When do new GDPR regulations come into place?
The GDPR comes into force on 25 May 2018 without the need for national legislation. The UK government will table a new UK Data Protection Bill to reflect GDPR requirements and take us through Brexit in March 2019. The new regime will be here to stay - the UK regime needs to be as robust as possible if we are to retain the ability to share data with other EU member states (and internationally) after Brexit.
Why do we need the GDPR?
The current regime, which dates from the late 1990s, is simply not fit for purpose. The law needs to catch up with the tech explosion and the exponential increase in value of personal information, the way we use it and its importance for business. The ICO regularly releases and updates guidance notes to tackle the issues faced by organisations and individuals about data security and privacy, but this can only go so far. The problem is that the underlying regime doesn't cater for how to deal with large data sets now held by organisations, or with new categories of personal data (such as online identifiers) - and it focuses on data controllers rather than data processors.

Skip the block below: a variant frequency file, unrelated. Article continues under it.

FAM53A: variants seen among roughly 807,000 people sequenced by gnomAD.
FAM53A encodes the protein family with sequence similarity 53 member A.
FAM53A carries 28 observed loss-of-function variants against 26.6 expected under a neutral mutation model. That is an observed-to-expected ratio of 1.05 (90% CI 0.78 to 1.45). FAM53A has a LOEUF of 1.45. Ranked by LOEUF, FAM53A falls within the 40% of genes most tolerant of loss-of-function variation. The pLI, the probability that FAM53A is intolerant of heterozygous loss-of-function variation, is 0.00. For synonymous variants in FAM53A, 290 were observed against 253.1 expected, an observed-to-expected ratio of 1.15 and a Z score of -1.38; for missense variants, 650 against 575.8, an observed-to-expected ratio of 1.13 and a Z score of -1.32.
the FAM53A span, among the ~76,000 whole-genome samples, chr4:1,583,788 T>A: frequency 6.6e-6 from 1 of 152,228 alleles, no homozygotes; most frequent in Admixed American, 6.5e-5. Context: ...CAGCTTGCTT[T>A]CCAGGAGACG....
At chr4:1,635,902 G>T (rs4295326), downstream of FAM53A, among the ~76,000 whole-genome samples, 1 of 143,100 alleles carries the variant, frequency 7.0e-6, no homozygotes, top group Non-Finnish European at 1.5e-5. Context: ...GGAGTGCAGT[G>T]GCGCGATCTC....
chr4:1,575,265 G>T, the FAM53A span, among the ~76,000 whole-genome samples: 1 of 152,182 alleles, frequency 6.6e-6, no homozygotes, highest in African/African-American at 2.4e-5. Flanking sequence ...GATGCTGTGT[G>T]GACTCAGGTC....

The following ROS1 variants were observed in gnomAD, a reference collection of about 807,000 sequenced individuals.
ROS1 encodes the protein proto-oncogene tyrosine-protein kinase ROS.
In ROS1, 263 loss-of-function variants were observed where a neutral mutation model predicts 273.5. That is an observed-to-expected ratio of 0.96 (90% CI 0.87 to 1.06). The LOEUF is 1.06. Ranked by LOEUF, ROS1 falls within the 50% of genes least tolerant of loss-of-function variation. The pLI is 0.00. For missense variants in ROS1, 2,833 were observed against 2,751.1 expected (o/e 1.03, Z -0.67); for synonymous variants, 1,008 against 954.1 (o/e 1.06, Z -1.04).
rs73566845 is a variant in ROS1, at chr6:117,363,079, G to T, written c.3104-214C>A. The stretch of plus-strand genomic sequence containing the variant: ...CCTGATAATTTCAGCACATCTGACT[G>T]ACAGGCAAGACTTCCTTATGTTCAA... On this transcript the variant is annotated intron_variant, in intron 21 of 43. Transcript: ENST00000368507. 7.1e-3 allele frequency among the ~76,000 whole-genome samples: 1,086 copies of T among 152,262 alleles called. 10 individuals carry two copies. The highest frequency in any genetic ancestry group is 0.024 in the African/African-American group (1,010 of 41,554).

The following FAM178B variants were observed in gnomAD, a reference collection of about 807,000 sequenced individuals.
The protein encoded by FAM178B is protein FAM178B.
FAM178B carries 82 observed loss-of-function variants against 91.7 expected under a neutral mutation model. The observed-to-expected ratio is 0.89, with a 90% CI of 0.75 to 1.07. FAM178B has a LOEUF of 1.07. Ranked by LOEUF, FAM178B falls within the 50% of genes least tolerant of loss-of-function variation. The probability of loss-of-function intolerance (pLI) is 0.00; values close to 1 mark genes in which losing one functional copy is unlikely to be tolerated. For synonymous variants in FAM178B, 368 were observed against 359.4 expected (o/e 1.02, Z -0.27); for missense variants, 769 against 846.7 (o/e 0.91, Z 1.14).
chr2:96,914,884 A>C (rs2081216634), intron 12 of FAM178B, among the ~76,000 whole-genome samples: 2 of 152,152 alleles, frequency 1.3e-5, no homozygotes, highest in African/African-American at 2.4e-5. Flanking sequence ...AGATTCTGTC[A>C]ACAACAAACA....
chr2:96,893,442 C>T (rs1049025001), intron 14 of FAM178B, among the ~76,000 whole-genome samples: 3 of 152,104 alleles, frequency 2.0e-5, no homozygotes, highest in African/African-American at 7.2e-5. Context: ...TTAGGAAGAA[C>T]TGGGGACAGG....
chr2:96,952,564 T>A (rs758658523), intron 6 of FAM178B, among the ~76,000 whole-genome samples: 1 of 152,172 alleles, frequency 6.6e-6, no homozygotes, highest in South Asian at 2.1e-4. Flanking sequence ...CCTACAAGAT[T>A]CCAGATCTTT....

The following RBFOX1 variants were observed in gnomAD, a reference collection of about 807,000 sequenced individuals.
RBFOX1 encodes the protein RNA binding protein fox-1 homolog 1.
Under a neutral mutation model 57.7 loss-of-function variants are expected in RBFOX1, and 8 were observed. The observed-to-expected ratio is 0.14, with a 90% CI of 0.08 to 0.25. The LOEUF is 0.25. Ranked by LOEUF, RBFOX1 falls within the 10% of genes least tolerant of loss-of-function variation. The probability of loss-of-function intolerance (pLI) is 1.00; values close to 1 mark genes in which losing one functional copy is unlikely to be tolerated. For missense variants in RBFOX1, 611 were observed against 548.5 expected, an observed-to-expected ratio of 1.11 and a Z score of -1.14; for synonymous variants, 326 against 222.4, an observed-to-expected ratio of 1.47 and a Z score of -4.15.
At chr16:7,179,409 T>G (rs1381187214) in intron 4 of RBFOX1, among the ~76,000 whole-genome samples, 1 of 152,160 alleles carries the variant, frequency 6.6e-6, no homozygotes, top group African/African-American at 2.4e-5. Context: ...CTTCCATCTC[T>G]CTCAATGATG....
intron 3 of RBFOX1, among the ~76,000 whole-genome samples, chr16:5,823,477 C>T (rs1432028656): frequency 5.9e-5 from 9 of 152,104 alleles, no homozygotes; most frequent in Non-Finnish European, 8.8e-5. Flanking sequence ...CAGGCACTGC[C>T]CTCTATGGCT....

If there is one indicator of how the EU views the value of data to organisations these days, it is the severity of the sanctions for breach of the GDPR.
How do we ensure compliance?
The first step is to form a team internally to develop and execute your readiness plan. Many organisations have formed a cross-departmental team (e.g. Legal, Compliance, IT, HR). Others will rely on one department to take the lead (e.g. Legal) with support from other areas of the business as required.
The next step is to create an inventory or record of the data which is currently processed by the organisation. CIOs are likely to be involved in the inventory process - for example by identifying and setting up an inventory tool, and helping to populate it based on what information is part of each application or process, and how information in each process or application is protected. The aim is to confirm what personal data is held (e.g. employee data, consumer data), on what legal basis (e.g. individual's consent, a business need, a legal requirement) and for how long. It should also cover whether the data is shared or transferred outside of the EU.
The inventory will be the central part of the record-keeping systems required by the GDPR. Whilst it is not required, many organisations might also elect to keep a record of the legal basis for the processing. This can make things easier when responding to an individual's subject access request for personal data.
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